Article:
Biomass energy – energy produced by combusting biomass materials such as wood. The carbon dioxide emitted from burning biomass will not increase total atmospheric carbon dioxide if this consumption is done on a sustainable basis (i.e., if in a given period of time, regrowth of biomass takes up as much carbon dioxide as is released from biomass combustion). Biomass energy is often suggested as a replacement for fossil fuel combustion.
Black carbon – a greenhouse gas emitted during the burning of coal, diesel fuel, natural gas and biomass, it is part of the composition of soot. Black carbon has emerged as a major contributor to climate change, second only to carbon dioxide. Unlike CO2, black carbon only remains in the atmosphere for two to three weeks and is part of the group terms short-live climate forcers (SLCFs), and is often seen as a quick win in the fight to combat climate change.
BONGO - Acronym used to describe Business organised Non-Governmental Organisations.
Capital stock – existing investments in energy plant and equipment that may or may not be modified once installed.
Carbon cycle – general term used in reference to the sum of all reservoirs and flows of carbon on Earth. The flows tend to be cyclic in nature; for example, carbon removed from the atmosphere (one reservoir) and converted into plant tissue (another reservoir) is returned back into the atmosphere when the plant is burned.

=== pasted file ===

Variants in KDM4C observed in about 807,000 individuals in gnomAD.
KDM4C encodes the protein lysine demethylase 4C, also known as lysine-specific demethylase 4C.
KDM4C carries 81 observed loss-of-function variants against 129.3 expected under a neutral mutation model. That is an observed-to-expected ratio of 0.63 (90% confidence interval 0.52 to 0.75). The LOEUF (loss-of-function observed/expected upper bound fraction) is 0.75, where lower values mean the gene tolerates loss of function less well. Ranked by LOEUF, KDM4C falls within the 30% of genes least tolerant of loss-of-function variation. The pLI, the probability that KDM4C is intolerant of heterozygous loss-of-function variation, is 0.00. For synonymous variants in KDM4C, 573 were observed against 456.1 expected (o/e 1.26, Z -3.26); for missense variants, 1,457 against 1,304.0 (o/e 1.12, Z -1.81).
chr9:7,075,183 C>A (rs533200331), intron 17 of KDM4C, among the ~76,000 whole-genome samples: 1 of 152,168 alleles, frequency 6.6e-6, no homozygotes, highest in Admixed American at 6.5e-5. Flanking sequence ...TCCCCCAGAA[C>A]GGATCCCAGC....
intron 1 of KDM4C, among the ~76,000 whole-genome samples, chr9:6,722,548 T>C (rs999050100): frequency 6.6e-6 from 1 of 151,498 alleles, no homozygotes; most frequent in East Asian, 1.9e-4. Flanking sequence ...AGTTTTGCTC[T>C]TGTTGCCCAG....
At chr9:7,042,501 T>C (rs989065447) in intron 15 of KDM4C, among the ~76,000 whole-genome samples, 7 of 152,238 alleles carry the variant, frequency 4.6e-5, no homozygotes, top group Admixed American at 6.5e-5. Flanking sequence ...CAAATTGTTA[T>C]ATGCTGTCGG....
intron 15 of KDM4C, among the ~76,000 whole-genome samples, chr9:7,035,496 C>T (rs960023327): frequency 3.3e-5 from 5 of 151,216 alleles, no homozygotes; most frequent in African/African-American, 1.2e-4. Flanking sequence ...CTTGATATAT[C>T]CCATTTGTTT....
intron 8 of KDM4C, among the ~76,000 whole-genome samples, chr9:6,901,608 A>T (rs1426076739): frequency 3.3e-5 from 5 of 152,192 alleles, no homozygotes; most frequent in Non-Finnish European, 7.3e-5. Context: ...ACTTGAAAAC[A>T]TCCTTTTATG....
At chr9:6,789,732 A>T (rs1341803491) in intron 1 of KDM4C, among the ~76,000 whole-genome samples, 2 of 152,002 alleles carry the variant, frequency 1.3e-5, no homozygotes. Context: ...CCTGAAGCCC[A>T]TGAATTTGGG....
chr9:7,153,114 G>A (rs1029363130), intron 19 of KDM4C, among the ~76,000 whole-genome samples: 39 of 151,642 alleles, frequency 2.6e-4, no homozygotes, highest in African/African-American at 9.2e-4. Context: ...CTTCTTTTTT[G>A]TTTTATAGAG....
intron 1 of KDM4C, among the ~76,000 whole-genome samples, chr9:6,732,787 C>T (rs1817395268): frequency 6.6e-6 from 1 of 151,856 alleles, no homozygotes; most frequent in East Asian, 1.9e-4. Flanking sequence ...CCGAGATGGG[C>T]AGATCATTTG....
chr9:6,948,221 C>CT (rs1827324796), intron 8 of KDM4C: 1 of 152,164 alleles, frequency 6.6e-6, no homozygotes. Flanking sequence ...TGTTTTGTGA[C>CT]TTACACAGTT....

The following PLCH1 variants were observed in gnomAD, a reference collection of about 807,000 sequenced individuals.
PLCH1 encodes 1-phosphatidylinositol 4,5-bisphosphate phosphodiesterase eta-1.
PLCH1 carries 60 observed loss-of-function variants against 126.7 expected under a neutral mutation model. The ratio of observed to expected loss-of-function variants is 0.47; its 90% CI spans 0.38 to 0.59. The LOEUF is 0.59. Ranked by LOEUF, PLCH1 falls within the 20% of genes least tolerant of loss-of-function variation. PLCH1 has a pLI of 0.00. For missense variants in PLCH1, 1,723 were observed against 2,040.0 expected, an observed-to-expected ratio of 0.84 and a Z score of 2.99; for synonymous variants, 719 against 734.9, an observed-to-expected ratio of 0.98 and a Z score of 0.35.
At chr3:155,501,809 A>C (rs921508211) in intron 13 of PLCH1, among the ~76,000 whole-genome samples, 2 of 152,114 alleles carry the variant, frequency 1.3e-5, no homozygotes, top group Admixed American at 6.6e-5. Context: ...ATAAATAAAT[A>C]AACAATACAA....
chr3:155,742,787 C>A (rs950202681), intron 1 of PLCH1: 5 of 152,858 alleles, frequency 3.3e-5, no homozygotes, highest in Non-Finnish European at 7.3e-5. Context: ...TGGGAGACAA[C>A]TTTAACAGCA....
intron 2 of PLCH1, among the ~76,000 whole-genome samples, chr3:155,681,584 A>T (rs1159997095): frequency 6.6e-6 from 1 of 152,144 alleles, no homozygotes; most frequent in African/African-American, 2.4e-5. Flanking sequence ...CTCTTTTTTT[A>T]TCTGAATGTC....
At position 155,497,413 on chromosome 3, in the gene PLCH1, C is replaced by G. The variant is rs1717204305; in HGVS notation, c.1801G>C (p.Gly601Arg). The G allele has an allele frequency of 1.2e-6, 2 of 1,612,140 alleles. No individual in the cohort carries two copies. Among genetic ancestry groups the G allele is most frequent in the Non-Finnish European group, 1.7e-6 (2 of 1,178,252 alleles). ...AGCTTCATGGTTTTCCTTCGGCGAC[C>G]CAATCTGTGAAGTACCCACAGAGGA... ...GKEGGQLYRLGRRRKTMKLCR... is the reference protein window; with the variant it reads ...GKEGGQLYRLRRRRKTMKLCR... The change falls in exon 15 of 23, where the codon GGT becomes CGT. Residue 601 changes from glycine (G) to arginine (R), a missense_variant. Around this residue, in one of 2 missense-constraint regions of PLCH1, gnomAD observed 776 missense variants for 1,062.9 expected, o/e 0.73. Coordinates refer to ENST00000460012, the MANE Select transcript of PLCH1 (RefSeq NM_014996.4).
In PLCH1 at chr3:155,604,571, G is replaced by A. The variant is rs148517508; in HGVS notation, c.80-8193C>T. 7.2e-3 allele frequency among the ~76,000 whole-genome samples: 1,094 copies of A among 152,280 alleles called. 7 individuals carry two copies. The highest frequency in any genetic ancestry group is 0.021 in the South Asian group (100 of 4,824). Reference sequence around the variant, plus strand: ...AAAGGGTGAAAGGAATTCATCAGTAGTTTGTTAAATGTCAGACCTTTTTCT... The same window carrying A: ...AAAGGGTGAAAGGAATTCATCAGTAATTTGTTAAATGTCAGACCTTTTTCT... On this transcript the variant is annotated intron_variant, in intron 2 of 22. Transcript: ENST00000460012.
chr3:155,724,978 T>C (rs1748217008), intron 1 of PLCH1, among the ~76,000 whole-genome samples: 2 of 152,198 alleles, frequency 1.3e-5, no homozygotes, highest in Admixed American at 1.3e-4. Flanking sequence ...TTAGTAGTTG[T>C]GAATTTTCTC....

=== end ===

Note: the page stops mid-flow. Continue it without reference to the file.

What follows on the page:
Carbon dioxide (CO2) – A common gas formed by the combination of carbon and oxygen. A by product of the combustion of fossil fuels and a key component of the carbon cycle. It can trap heat within the earth’s atmosphere giving it a so-called “global warming potential”. All other greenhouse gases’ warming potentials are measured relative to CO2.
Carbon reservoir or sink – within the carbon cycle, the physical site at which carbon is stored (e.g., atmosphere, oceans, Earth’s vegetation and soils, and fossil fuel deposits).
Carbon sequestration – the uptake and storage of carbon. Trees and plants, for example, absorb carbon dioxide, release the oxygen and store the carbon. Fossil fuels were at one time biomass and continue to store the carbon until burned. See also Carbon sinks.
Certified Emissions Reduction (CER) – reductions of greenhouse gases achieved by a Clean Development Mechanism (CDM) project. A CER can be sold or counted toward Annex I countries’ emissions commitments. Reductions must be additional to any that would otherwise occur.
Chlorocarbon – a compound containing chlorine and carbon; examples include carbon tetrachloride and methyl chloroform, both of which are ozone depleters.
Chlorofluorocarbons (CFCs) – compounds containing chlorine, flourine, and carbon; they generally are used as propellants, refrigerants, blowing agents (for producing foam), and solvents. They are identified with numbered suffixes (e.g., CFC-11, CFC-12) which identify the ratio of these elements in each compound. They are known to deplete stratospheric ozone and also are greenhouse gases in that they effectively absorb outgoing infrared radiation in the atmosphere.
Climate – the average weather together with its variability of representations of the weather conditions for a specified area during a specified time interval (usually decades).